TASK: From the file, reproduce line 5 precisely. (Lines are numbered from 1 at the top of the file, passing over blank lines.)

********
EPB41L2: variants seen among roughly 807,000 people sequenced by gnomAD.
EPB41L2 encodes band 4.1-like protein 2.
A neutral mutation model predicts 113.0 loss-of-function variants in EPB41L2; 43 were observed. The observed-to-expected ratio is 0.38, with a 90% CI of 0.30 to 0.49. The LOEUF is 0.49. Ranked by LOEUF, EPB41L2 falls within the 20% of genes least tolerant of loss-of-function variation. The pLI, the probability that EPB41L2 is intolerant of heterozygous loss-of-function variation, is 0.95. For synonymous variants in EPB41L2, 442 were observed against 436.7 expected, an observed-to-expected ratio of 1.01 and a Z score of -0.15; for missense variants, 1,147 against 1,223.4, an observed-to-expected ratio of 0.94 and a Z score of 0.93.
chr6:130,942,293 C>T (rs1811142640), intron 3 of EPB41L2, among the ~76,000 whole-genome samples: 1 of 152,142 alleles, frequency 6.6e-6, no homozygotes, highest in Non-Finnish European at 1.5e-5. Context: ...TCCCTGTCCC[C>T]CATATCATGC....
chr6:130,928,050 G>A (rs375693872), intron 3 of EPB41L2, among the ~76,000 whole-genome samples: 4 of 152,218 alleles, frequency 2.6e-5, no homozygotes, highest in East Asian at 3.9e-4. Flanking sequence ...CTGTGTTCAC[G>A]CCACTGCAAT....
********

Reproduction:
chr6:130,928,050 G>A (rs375693872), intron 3 of EPB41L2, among the ~76,000 whole-genome samples: 4 of 152,218 alleles, frequency 2.6e-5, no homozygotes, highest in East Asian at 3.9e-4. Flanking sequence ...CTGTGTTCAC[G>A]CCACTGCAAT....